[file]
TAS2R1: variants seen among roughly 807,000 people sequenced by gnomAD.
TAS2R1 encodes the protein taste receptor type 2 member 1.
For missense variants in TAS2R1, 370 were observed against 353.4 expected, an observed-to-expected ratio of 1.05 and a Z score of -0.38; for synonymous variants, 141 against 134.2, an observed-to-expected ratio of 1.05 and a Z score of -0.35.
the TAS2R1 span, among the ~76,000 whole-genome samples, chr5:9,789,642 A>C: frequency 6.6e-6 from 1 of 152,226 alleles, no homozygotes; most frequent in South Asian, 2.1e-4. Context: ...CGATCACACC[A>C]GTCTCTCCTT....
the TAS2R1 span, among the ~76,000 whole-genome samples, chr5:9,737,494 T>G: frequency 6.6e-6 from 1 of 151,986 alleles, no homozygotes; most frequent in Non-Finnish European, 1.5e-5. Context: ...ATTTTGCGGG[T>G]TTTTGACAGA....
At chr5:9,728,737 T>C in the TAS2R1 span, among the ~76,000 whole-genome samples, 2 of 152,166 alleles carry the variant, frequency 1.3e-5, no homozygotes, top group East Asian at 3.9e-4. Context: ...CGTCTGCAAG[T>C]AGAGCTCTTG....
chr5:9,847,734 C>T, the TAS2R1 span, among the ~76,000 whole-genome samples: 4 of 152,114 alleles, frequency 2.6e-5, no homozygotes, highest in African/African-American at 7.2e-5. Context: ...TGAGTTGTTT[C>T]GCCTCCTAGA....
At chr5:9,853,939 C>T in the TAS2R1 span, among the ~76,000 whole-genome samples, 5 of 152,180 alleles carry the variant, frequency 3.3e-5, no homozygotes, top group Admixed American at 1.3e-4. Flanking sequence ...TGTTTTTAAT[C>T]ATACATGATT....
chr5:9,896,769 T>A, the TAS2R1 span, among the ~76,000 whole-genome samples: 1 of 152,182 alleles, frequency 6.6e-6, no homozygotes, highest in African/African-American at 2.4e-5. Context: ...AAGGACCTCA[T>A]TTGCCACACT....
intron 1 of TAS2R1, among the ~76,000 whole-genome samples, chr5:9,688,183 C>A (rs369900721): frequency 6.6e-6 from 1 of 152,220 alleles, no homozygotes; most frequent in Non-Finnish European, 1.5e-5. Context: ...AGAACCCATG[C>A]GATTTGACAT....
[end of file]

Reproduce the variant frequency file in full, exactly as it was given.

TAS2R1: variants seen among roughly 807,000 people sequenced by gnomAD.
TAS2R1 encodes the protein taste receptor type 2 member 1.
For missense variants in TAS2R1, 370 were observed against 353.4 expected, an observed-to-expected ratio of 1.05 and a Z score of -0.38; for synonymous variants, 141 against 134.2, an observed-to-expected ratio of 1.05 and a Z score of -0.35.
the TAS2R1 span, among the ~76,000 whole-genome samples, chr5:9,789,642 A>C: frequency 6.6e-6 from 1 of 152,226 alleles, no homozygotes; most frequent in South Asian, 2.1e-4. Context: ...CGATCACACC[A>C]GTCTCTCCTT....
the TAS2R1 span, among the ~76,000 whole-genome samples, chr5:9,737,494 T>G: frequency 6.6e-6 from 1 of 151,986 alleles, no homozygotes; most frequent in Non-Finnish European, 1.5e-5. Context: ...ATTTTGCGGG[T>G]TTTTGACAGA....
At chr5:9,728,737 T>C in the TAS2R1 span, among the ~76,000 whole-genome samples, 2 of 152,166 alleles carry the variant, frequency 1.3e-5, no homozygotes, top group East Asian at 3.9e-4. Context: ...CGTCTGCAAG[T>C]AGAGCTCTTG....
chr5:9,847,734 C>T, the TAS2R1 span, among the ~76,000 whole-genome samples: 4 of 152,114 alleles, frequency 2.6e-5, no homozygotes, highest in African/African-American at 7.2e-5. Context: ...TGAGTTGTTT[C>T]GCCTCCTAGA....
At chr5:9,853,939 C>T in the TAS2R1 span, among the ~76,000 whole-genome samples, 5 of 152,180 alleles carry the variant, frequency 3.3e-5, no homozygotes, top group Admixed American at 1.3e-4. Flanking sequence ...TGTTTTTAAT[C>T]ATACATGATT....
chr5:9,896,769 T>A, the TAS2R1 span, among the ~76,000 whole-genome samples: 1 of 152,182 alleles, frequency 6.6e-6, no homozygotes, highest in African/African-American at 2.4e-5. Context: ...AAGGACCTCA[T>A]TTGCCACACT....
intron 1 of TAS2R1, among the ~76,000 whole-genome samples, chr5:9,688,183 C>A (rs369900721): frequency 6.6e-6 from 1 of 152,220 alleles, no homozygotes; most frequent in Non-Finnish European, 1.5e-5. Context: ...AGAACCCATG[C>A]GATTTGACAT....